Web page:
Tips and Tricks

Here are a few tips and tricks that will improve your experience with the API.

When typing PowerShell commands, use the Tab button to auto-complete the command.

Use pipelining within your commands to string together a series of actions.

If you want to view the output when performing a patch scan, be sure to use the Watch-PatchScan parameter.


Start-PatchScan –MachineGroups “Sample Group” | Watch-PatchScan

You can assign the result of any command to a variable and interact with that variable later in the same PowerShell session.


$credReference = Get-STCredential

$credReference | Where-Object

{ $_.UserName.Contains(“foo”) }

$myScan = Start-PatchScan –MachineGroups “My Machine”

Wait-PatchScan –Uid ($myScan.Uid)

If you want to perform a patch deployment against the results of a particular patch scan, store the patch scan in a variable and pipe it to the deployment operation.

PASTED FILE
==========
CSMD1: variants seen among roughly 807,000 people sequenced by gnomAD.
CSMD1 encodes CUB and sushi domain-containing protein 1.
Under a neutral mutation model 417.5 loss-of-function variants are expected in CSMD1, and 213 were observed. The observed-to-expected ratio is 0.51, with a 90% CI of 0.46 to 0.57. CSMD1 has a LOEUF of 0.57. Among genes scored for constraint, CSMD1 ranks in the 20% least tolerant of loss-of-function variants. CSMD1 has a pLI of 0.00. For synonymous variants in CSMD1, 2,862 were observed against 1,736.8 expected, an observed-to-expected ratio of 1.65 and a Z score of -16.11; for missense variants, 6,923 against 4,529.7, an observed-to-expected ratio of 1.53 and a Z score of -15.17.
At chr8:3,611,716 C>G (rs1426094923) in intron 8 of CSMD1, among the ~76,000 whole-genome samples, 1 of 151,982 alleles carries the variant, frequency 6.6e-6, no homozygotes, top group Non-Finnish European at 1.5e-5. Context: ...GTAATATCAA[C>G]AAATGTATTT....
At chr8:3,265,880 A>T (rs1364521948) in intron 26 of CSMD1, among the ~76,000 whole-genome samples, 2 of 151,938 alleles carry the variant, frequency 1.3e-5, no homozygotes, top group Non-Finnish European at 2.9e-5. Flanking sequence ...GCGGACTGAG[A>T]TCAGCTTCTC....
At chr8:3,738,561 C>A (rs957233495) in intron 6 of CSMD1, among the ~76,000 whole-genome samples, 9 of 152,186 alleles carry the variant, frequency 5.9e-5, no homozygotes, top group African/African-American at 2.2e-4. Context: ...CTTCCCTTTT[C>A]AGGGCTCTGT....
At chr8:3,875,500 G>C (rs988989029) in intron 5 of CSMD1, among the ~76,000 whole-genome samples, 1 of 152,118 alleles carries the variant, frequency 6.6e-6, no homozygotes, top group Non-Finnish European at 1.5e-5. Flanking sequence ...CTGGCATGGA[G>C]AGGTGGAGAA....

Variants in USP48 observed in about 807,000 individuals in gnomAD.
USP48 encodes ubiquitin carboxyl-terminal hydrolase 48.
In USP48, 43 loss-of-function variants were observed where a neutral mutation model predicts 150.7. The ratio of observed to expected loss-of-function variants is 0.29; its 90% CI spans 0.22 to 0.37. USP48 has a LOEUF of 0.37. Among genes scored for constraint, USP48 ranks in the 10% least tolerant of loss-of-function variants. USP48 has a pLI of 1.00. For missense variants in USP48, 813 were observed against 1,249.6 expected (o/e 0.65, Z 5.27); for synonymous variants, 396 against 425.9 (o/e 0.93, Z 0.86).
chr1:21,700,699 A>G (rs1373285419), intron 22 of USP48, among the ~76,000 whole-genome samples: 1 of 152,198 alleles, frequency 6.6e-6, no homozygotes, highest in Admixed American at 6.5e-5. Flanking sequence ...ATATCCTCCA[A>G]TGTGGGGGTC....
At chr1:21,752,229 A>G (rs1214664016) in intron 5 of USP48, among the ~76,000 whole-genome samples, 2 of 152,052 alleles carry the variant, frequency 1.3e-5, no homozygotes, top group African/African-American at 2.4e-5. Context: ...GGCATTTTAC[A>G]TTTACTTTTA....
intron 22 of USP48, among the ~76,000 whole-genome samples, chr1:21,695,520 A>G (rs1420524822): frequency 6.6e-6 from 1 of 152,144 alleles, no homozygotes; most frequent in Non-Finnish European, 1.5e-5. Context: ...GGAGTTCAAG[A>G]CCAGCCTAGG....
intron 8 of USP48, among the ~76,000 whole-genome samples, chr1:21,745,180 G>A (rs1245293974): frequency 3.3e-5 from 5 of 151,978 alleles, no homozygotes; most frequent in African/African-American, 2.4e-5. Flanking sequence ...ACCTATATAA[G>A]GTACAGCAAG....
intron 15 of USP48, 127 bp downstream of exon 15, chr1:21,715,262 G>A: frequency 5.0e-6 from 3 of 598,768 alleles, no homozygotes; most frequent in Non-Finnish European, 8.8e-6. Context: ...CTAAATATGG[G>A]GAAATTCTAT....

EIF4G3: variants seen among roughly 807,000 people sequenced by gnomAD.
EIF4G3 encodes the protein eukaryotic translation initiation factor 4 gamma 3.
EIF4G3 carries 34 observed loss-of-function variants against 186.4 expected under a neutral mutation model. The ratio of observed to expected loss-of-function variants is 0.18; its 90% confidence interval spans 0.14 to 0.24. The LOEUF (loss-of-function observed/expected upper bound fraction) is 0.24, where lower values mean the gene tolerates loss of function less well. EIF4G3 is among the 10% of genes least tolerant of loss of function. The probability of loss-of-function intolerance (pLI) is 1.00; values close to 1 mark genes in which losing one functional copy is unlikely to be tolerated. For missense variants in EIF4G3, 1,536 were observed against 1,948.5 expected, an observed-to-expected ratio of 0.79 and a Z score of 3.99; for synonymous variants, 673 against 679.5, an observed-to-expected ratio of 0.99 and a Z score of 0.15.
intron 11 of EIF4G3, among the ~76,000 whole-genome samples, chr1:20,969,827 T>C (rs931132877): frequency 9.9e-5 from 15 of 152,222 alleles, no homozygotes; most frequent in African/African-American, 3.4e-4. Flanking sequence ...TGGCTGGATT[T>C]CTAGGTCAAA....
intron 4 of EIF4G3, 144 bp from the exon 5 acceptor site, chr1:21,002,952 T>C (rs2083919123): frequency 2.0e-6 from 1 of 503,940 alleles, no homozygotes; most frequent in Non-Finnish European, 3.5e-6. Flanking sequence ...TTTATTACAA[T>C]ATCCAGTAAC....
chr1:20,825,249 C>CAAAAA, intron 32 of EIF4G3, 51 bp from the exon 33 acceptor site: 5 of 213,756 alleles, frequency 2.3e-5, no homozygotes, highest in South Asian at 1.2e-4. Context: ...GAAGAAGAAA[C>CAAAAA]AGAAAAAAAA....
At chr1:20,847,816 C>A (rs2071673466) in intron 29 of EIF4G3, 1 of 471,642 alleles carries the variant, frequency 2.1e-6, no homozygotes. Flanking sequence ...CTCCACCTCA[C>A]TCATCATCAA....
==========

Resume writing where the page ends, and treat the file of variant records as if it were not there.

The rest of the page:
$myScan = Start-PatchScan –MachineGroups “Sample Group”;

$myScan | Watch-PatchScan

Start-PatchDeploy –ScanUid ($MyScan.Uid) –TemplateName “Sample Deploy Template”

If you are scripting a patch scan followed by a patch deployment, be sure to use the Wait-PatchScan parameter to allow time for the scan to complete before the deployment is initiated.


$MyScan = Start-PatchScan –MachineGroups “Sample Group” | Wait-PatchScan

Start-PatchDeploy –ScanUid ($MyScan.Uid) –TemplateName “Sample Deploy Template”

Be sure to load any additional modules that might be needed.

Example: When interacting with a SQL cluster you might load the following modules:

Import-Module ServerManager

Add-WindowsFeature RSAT-Clustering

Import-Module FailoverClusters

To minimize downtime, you can use the Invoke-DownloadMissingPatches command before deploying.

This would enable you to perform a scan one day and then use the Get-PatchScan command to deploy from that scan on a different day.